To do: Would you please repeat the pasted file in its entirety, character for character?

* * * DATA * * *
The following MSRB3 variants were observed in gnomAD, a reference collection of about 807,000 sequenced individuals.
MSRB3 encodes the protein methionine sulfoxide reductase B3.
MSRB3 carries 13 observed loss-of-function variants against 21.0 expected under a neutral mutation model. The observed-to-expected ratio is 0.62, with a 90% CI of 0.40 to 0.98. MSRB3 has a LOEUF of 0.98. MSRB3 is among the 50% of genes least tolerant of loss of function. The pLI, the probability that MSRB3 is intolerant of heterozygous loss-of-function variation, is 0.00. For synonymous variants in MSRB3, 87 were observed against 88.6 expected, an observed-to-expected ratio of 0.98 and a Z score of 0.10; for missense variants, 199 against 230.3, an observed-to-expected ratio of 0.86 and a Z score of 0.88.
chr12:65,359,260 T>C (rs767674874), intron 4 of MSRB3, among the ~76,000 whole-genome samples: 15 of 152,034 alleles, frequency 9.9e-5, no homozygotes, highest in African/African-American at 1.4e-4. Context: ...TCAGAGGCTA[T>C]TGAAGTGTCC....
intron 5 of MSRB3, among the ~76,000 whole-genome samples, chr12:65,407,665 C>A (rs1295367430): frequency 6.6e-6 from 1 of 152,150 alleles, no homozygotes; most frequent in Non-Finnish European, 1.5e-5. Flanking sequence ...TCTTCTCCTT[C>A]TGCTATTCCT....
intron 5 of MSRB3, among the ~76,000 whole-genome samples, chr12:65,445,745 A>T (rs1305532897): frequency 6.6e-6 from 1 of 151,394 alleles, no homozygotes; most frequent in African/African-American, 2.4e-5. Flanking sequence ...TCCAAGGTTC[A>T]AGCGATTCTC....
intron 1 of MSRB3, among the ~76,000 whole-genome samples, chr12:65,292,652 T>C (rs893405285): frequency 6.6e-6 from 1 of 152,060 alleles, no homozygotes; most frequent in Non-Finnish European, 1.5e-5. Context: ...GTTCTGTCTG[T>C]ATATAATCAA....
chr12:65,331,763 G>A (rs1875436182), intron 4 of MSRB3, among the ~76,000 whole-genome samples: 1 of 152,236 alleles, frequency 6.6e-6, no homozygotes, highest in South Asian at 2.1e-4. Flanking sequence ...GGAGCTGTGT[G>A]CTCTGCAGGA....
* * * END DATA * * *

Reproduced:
The following MSRB3 variants were observed in gnomAD, a reference collection of about 807,000 sequenced individuals.
MSRB3 encodes the protein methionine sulfoxide reductase B3.
MSRB3 carries 13 observed loss-of-function variants against 21.0 expected under a neutral mutation model. The observed-to-expected ratio is 0.62, with a 90% CI of 0.40 to 0.98. MSRB3 has a LOEUF of 0.98. MSRB3 is among the 50% of genes least tolerant of loss of function. The pLI, the probability that MSRB3 is intolerant of heterozygous loss-of-function variation, is 0.00. For synonymous variants in MSRB3, 87 were observed against 88.6 expected, an observed-to-expected ratio of 0.98 and a Z score of 0.10; for missense variants, 199 against 230.3, an observed-to-expected ratio of 0.86 and a Z score of 0.88.
chr12:65,359,260 T>C (rs767674874), intron 4 of MSRB3, among the ~76,000 whole-genome samples: 15 of 152,034 alleles, frequency 9.9e-5, no homozygotes, highest in African/African-American at 1.4e-4. Context: ...TCAGAGGCTA[T>C]TGAAGTGTCC....
intron 5 of MSRB3, among the ~76,000 whole-genome samples, chr12:65,407,665 C>A (rs1295367430): frequency 6.6e-6 from 1 of 152,150 alleles, no homozygotes; most frequent in Non-Finnish European, 1.5e-5. Flanking sequence ...TCTTCTCCTT[C>A]TGCTATTCCT....
intron 5 of MSRB3, among the ~76,000 whole-genome samples, chr12:65,445,745 A>T (rs1305532897): frequency 6.6e-6 from 1 of 151,394 alleles, no homozygotes; most frequent in African/African-American, 2.4e-5. Flanking sequence ...TCCAAGGTTC[A>T]AGCGATTCTC....
intron 1 of MSRB3, among the ~76,000 whole-genome samples, chr12:65,292,652 T>C (rs893405285): frequency 6.6e-6 from 1 of 152,060 alleles, no homozygotes; most frequent in Non-Finnish European, 1.5e-5. Context: ...GTTCTGTCTG[T>C]ATATAATCAA....
chr12:65,331,763 G>A (rs1875436182), intron 4 of MSRB3, among the ~76,000 whole-genome samples: 1 of 152,236 alleles, frequency 6.6e-6, no homozygotes, highest in South Asian at 2.1e-4. Flanking sequence ...GGAGCTGTGT[G>A]CTCTGCAGGA....